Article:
Quest For The World Magic Cup: Part 1

GerryT took to the WMCQ with a number of big names to try and grab a slot. Here, he shares what he learned about Standard in its current state and offers some underrated decks for #SCGDC!

Up until 1am the night before the World Magic Cup Qualifier, I didn’t know what I was going to play. I thought I had good versions of all the best decks,
but each seemed to have their own issue. In the end, I settled on a semi-new archetype based on things I had learned from playing all the other decks. It
looked really good, I expected it to perform well against most of the popular decks, and I was excited to battle the next morning.

But I’m getting ahead of myself.

Thursday afternoon, I flew into San Jose, California, where I’d be staying for the weekend with Josh Utter-Leyton. Perhaps you know him as Wrapter, AKA the
Player of the Year in 2013. He didn’t know what to play either but was leaning toward R/W Burn or the R/W Aggro deck that most of CFB played at Pro Tour
M15. He didn’t think that any deck had a significant edge, so he was just going to burn people.

That’s respectable.

Burn was on my short list of decks to play, and I gave Wrapter the task of making a good sideboard for Burn, since that’s the area that I felt was lacking.
Meanwhile, I was off G/W Aggro for sure and was doing reasonably well with Brad Nelson’s B/W Midrange on Magic Online, so I decided to start there. We
briefly stopped by his apartment to drop off my stuff and headed to Tom Martell’s place, where he and Sam Black were eagerly awaiting some board game

If you know me, you know I’m not much for board games, so I sat on Tom’s couch, ordered Domino’s pizza, and played some two-man queues on Magic Online. I
posited that Jund Planeswalkers looked good but was a clunky mess, even if the strategy was sound. Instead, I wanted to take another crack at Mono-Green
Devotion, similar to what Tzu-Ching Kuo played at Pro Tour M15. He lost playing for Top 8, and I think his deck could be improved upon dramatically.

For reference:

I updated the deck and played a few queues and it did well, but lately I had been doing pretty well with everything. Sometimes, running hot can be a curse.
Beat me so I can figure out what my problems are sooner!

The next day we headed to the site to play in some WMCQ trials. Wrapter joined a trial with the updated G/R Devotion list while I joined the same trial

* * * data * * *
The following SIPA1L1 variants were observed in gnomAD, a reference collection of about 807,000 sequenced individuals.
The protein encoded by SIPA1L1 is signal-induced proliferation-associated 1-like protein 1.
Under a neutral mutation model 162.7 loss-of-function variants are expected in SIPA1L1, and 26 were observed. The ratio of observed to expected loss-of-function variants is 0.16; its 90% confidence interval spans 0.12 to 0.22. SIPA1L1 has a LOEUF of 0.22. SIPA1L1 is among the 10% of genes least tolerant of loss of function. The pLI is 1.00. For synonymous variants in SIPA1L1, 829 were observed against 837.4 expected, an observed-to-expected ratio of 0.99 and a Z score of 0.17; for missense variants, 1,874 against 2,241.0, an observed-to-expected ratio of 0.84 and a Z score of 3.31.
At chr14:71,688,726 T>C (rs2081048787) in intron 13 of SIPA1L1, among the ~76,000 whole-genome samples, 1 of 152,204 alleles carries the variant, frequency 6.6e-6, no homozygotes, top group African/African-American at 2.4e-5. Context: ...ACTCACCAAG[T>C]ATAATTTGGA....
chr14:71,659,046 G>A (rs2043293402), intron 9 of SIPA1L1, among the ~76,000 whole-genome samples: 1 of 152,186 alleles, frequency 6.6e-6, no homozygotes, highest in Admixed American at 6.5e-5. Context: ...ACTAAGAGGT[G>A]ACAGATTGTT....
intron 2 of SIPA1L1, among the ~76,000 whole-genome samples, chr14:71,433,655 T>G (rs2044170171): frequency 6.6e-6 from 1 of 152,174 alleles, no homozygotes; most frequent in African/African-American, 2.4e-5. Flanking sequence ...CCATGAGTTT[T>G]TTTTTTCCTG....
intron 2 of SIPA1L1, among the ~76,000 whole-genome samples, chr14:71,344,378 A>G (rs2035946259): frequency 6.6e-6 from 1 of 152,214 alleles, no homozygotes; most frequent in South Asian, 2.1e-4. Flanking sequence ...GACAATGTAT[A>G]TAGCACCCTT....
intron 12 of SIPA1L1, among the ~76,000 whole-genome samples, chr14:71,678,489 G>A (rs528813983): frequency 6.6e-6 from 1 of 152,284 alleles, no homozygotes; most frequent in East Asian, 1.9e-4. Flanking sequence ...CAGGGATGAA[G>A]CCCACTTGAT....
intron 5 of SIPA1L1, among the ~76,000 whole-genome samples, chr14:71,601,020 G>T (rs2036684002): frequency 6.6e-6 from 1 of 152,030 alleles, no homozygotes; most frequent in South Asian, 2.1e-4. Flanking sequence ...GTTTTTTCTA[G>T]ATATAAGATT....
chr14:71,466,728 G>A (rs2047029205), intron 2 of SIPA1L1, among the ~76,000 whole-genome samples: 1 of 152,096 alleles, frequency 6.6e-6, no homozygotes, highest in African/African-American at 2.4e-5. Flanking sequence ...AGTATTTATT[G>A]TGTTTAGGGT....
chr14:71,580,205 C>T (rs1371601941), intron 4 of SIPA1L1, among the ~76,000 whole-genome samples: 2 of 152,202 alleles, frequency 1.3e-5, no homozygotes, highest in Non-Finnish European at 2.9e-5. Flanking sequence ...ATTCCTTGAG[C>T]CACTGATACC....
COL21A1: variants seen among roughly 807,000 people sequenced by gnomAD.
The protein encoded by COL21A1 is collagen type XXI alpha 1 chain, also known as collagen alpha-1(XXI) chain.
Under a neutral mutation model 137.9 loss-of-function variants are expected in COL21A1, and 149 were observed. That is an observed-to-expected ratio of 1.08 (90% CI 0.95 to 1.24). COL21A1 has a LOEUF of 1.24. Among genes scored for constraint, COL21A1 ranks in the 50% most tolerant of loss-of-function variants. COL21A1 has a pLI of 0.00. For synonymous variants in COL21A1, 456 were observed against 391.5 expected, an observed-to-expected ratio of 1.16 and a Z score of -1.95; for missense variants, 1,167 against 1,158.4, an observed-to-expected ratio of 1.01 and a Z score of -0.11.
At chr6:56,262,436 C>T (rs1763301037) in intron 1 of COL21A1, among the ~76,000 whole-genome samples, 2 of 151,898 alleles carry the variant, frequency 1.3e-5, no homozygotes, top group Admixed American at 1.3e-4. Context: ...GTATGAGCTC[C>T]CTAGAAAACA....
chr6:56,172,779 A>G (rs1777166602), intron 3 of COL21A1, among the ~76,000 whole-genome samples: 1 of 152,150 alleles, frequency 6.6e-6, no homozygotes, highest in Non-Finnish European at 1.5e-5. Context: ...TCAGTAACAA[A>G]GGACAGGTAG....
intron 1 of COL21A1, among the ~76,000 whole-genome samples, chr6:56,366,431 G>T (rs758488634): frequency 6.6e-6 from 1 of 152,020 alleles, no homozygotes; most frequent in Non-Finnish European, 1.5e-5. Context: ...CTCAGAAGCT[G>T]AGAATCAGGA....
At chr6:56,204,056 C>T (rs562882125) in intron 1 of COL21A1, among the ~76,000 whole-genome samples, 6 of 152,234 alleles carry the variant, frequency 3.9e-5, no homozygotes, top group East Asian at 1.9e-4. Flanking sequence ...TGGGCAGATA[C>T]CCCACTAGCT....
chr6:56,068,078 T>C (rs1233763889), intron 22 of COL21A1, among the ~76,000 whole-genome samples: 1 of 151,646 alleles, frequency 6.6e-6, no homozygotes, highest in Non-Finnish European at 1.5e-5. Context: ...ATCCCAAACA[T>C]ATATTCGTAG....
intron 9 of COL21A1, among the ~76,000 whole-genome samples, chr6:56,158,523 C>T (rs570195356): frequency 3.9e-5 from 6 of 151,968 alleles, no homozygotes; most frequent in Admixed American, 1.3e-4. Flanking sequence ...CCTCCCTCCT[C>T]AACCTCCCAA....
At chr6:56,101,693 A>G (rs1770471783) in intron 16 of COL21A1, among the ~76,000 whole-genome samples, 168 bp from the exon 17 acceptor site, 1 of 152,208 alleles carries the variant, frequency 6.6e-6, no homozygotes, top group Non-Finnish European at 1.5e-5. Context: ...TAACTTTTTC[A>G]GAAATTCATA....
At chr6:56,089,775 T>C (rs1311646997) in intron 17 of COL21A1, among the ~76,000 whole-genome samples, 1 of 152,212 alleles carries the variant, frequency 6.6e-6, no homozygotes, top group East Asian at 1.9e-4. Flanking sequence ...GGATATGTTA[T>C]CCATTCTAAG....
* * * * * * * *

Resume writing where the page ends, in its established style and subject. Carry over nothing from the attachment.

with B/W. I beat U/W Control round 1 but lost to G/W round 2 in a match that I definitely could have played better. Wrapter soldiered on until round 3 or 4
but eventually lost.

He hated the deck.

Still, I think the combination of early blockers, mana acceleration, and planeswalkers is a powerful one, but it feels like it might be missing something.
There is a lot of filler, which I would prefer to be some different, powerful cards, but I haven’t quite figured out what I want.

Anyway, I used some of the knowledge I gained to build this monstrosity:

I lost round 1 to Nathan Holiday playing Mono-Blue Devotion. It came down to a clutch turn in game 3 where if I had a hard removal spell, he was dead, but
instead I had a Golgari Charm to live through the attack (and kill two of my own Elvish Mystics, heh), but I couldn’t draw the removal spell I needed to

Basically, I felt like typical Jund Planeswalkers decks were clunky. Temples give you a lot of selection, but I’d rather curve out when possible — you’re
already playing some of the most powerful cards in the format, and you don’t need the help going late. It’s far more important to be able to escape the
early turns unscathed.

It might seem like the abundance of painlands means that you’re less likely to live through the early turns, but that’s not entirely true when you actually
get to cast your spells on time. Plus, Urborg and Mana Confluence is a combination that fixes your mana early but doesn’t cost you anything late. I also
cut back on a lot of the red cards, giving me a relatively smooth G/B base to work with.

I also liked the addition of Hero’s Downfall. The deck had some issues with opposing planeswalkers, Mutavault, and bigger creatures like Desecration Demon,
but Downfall solves a lot of those issues. Typical Jund Planeswalkers can’t just add Downfalls and call it a day since you need to adjust the mana base,
and I really liked the changes I made as a whole. However, the details need to be fine-tuned.

Wrapter was conscripted to play in a bounty tournament and this time he played R/W Burn. I think he finished 2-1, but I was too busy jamming games against
Sam Black to really pay attention. The return to Mono-Black Devotion was my next trial, and while I was basically crushing Sam Black with any Black deck, I
knew it wasn’t that easy. Let’s just say that Sam was very good at drawing three Thassas each game.

Mono-Black Devotion was on my short list, and I told David Ochoa to bring me two Corrupts just in case.


Urza’s Saga.

The good stuff. The man they call Ocho always has the good stuff.

While at dinner, I was busy doing research while everyone else was eating. Maybe I should play B/G. Maybe I should play the Cuneo U/W deck that everyone
else was playing. Maybe I should play Mihara’s Esper deck. Shuhei did say it was the best deck after all. He also said that it was so easy to play that
even I could win with it. That said, I didn’t know how to sideboard with it without playing some games. Dammit, why didn’t I ask Shuhei for a sideboarding

B/G sounded pretty good, especially since the platinums with two byes (EFro, Huey, and Martell) were playing U/W Control. It was kind of a dick move to